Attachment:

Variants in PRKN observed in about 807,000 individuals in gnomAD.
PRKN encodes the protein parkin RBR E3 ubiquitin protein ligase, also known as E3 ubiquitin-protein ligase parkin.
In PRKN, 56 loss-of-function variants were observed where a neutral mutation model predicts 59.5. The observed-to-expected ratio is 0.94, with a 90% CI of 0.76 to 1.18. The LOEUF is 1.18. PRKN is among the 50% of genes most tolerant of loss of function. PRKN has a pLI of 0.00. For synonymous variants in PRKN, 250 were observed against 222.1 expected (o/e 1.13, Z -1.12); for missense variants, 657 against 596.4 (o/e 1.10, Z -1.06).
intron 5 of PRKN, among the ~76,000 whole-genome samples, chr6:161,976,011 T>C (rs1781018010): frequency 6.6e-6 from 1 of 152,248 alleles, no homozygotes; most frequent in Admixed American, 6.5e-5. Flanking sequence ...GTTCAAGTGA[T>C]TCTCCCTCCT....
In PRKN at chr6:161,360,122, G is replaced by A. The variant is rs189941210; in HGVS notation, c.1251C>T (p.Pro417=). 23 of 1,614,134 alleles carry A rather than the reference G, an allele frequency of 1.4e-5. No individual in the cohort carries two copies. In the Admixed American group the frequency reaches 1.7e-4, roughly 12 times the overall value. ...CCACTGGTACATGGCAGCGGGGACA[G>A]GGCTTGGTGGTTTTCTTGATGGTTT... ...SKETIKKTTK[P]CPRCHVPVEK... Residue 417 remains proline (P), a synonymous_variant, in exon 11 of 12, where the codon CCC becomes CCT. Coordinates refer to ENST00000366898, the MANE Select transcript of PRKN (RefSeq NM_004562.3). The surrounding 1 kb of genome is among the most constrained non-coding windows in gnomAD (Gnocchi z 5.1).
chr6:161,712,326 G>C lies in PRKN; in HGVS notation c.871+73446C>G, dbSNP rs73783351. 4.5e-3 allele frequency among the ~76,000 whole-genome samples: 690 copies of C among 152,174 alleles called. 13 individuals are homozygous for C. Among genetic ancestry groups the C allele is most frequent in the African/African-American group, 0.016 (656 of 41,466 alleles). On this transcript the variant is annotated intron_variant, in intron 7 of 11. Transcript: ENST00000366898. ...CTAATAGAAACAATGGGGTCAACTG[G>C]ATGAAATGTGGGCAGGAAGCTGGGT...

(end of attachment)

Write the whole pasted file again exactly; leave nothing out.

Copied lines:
Variants in PRKN observed in about 807,000 individuals in gnomAD.
PRKN encodes the protein parkin RBR E3 ubiquitin protein ligase, also known as E3 ubiquitin-protein ligase parkin.
In PRKN, 56 loss-of-function variants were observed where a neutral mutation model predicts 59.5. The observed-to-expected ratio is 0.94, with a 90% CI of 0.76 to 1.18. The LOEUF is 1.18. PRKN is among the 50% of genes most tolerant of loss of function. PRKN has a pLI of 0.00. For synonymous variants in PRKN, 250 were observed against 222.1 expected (o/e 1.13, Z -1.12); for missense variants, 657 against 596.4 (o/e 1.10, Z -1.06).
intron 5 of PRKN, among the ~76,000 whole-genome samples, chr6:161,976,011 T>C (rs1781018010): frequency 6.6e-6 from 1 of 152,248 alleles, no homozygotes; most frequent in Admixed American, 6.5e-5. Flanking sequence ...GTTCAAGTGA[T>C]TCTCCCTCCT....
In PRKN at chr6:161,360,122, G is replaced by A. The variant is rs189941210; in HGVS notation, c.1251C>T (p.Pro417=). 23 of 1,614,134 alleles carry A rather than the reference G, an allele frequency of 1.4e-5. No individual in the cohort carries two copies. In the Admixed American group the frequency reaches 1.7e-4, roughly 12 times the overall value. ...CCACTGGTACATGGCAGCGGGGACA[G>A]GGCTTGGTGGTTTTCTTGATGGTTT... ...SKETIKKTTK[P]CPRCHVPVEK... Residue 417 remains proline (P), a synonymous_variant, in exon 11 of 12, where the codon CCC becomes CCT. Coordinates refer to ENST00000366898, the MANE Select transcript of PRKN (RefSeq NM_004562.3). The surrounding 1 kb of genome is among the most constrained non-coding windows in gnomAD (Gnocchi z 5.1).
chr6:161,712,326 G>C lies in PRKN; in HGVS notation c.871+73446C>G, dbSNP rs73783351. 4.5e-3 allele frequency among the ~76,000 whole-genome samples: 690 copies of C among 152,174 alleles called. 13 individuals are homozygous for C. Among genetic ancestry groups the C allele is most frequent in the African/African-American group, 0.016 (656 of 41,466 alleles). On this transcript the variant is annotated intron_variant, in intron 7 of 11. Transcript: ENST00000366898. ...CTAATAGAAACAATGGGGTCAACTG[G>C]ATGAAATGTGGGCAGGAAGCTGGGT...